Skip to main content

Bending and Breaking


A Fold in the Hills

When rocks are compressed in the Earth’s crust they may buckle and bend, forming folds which are later exposed by erosion. Folds may be so large that they are not obvious in the landscape. For example, folding in the Silurian rocks of the Howgills is on a scale of several kilometres, and has to be interpreted by measuring outcrop features over a wide area. A good example of visible smaller scale folding is on Great Asby Scar where the limestone beds have been folded into gently rounded troughs and ridges.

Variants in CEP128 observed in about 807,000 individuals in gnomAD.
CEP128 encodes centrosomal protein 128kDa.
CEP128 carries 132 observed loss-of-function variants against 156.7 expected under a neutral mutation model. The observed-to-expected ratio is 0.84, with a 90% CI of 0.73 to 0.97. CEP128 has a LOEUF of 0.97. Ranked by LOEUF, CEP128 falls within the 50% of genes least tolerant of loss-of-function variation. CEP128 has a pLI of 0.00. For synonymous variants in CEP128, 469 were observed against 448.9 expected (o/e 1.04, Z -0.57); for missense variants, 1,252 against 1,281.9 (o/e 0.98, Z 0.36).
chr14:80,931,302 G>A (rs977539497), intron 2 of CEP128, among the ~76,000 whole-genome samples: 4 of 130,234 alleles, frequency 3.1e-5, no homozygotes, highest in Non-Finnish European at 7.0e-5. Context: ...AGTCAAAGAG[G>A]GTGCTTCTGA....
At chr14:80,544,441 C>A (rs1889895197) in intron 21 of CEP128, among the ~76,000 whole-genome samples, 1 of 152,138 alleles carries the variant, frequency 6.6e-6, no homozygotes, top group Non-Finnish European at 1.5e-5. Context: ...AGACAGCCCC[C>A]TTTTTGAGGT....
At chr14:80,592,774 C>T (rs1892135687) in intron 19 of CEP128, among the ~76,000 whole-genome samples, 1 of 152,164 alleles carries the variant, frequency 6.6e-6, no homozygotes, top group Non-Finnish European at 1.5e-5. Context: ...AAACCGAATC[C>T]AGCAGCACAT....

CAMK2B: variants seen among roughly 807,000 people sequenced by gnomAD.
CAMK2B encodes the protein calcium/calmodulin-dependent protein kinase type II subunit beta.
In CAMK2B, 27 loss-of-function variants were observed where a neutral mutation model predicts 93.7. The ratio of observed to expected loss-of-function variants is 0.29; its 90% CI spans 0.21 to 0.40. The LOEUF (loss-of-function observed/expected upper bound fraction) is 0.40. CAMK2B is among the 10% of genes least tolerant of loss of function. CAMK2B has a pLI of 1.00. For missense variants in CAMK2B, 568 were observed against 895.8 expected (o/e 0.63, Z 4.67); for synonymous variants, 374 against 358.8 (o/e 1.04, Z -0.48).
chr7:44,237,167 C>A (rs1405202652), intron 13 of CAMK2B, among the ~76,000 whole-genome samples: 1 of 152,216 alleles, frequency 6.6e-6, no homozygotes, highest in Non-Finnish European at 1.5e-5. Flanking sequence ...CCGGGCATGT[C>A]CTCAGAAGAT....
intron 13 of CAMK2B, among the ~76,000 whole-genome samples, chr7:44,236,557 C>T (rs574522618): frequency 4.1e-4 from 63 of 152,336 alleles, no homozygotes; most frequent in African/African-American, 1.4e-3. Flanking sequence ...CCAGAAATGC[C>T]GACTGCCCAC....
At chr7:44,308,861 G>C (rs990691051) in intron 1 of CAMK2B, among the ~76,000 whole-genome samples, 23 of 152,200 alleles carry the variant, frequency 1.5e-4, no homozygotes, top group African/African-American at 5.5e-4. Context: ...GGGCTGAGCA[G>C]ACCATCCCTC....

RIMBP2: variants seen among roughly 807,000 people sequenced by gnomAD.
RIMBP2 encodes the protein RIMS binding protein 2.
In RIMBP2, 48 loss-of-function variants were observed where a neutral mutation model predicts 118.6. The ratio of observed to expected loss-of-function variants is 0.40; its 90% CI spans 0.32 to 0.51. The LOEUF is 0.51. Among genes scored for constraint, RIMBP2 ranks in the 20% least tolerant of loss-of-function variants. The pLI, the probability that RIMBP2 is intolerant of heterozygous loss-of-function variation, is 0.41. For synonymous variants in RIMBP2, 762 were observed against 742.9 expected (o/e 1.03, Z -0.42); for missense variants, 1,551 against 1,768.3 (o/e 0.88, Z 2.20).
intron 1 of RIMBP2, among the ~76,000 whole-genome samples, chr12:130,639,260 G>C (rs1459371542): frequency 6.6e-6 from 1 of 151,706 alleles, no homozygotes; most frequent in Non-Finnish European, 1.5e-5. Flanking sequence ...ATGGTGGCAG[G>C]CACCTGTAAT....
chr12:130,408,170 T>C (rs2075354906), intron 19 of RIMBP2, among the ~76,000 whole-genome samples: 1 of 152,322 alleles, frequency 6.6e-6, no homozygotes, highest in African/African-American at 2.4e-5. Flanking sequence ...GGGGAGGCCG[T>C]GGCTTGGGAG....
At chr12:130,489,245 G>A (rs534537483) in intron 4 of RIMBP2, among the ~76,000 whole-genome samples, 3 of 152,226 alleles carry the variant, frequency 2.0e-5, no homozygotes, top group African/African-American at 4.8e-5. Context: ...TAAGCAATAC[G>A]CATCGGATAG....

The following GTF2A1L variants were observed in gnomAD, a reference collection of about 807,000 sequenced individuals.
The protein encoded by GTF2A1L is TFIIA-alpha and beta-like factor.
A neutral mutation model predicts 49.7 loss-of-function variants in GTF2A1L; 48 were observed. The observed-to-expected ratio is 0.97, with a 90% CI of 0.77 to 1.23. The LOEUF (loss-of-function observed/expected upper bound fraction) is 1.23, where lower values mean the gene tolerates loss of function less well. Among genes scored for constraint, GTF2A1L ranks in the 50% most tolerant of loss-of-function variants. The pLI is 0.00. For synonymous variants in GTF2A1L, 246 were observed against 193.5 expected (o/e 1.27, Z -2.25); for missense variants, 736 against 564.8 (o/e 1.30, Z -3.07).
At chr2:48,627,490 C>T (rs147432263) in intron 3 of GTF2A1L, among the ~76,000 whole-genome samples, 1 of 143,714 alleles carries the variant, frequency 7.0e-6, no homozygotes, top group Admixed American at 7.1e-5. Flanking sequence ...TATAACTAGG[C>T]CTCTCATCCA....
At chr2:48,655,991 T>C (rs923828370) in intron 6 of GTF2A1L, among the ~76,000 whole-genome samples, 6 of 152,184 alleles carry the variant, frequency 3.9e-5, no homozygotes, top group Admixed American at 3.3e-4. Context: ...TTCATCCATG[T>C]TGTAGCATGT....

Gently folded limestone at Great Asby Scar, viewed from near Castle Folds. The image shows the western side of a shallow trough. © E. Pickett